Tag Archives: piracy

French Minister of Culture Calls For Pirate Streaming Blacklist

Post Syndicated from Ernesto original https://torrentfreak.com/french-minister-of-culture-calls-for-pirate-streaming-blacklist-180423/

Nearly a decade ago, France was on the anti-piracy enforcement frontline.

The country was the first to introduce a graduated response system, Hadopi, where Internet subscribers risked losing their Internet connections if they were caught sharing torrents repeatedly.

Today this approach is no longer as effective as it once was. The bulk of all online piracy has moved from P2P downloading to streaming, and the latter isn’t traceable by anti-piracy watchdogs.

This hasn’t gone unnoticed by the French Government, Minister of Culture Françoise Nyssen in particular, who highlighted the issue to reporters a few days ago.

“The Hadopi response is no longer suitable because piracy is now 80% by streaming,” she said, quoted by local media.

While Hadopi may have outgrown its usefulness, France is not giving up the piracy fight. On the contrary, the country is now pondering new measures to target the current epidemic of pirate streaming sites.

Nyssen hopes that local authorities will implement a national pirate site blocklist to address the problem. Ideally, this should be constantly updated to ensure that pirate streaming sites remain inaccessible.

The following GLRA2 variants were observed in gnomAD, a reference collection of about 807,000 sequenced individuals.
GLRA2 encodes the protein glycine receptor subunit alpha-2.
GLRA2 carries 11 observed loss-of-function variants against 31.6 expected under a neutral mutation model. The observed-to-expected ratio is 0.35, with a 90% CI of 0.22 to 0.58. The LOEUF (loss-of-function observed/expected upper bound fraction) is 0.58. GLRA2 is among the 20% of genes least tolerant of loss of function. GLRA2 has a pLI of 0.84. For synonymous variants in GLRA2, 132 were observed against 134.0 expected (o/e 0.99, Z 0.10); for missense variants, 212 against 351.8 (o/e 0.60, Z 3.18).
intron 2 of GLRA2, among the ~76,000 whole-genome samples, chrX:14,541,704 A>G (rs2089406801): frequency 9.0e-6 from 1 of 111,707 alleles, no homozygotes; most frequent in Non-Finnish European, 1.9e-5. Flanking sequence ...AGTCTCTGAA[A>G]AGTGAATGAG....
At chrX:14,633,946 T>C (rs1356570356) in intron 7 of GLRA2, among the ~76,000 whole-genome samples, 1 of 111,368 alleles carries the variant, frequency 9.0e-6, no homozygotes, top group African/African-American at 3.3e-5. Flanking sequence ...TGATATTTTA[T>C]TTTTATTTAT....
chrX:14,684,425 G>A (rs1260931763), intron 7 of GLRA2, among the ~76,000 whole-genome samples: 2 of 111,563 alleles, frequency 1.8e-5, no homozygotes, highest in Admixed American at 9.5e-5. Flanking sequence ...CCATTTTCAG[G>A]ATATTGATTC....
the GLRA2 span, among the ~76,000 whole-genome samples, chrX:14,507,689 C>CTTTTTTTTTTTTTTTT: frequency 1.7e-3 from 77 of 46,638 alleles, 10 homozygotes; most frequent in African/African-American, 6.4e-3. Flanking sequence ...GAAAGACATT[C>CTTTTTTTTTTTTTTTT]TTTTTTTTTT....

The Minister told reporters that France must “act on the sites,” by implementing “a blacklist which is constantly updated to keep them offline”.

This list would be maintained by the Hadopi agency which can then circulate it among several online intermediaries. This can include Internet providers, but also search engines and advertising networks.

The tough language will be music to the ears of the film industry and the timing doesn’t appear to be a total coincidence either.

The comments from the French Minister of Culture come shortly after several film industry groups boycotted a reception at the ministry. According to the groups, France dropped the ball on enforcement against piracy, which is blamed for more than a billion euros in losses.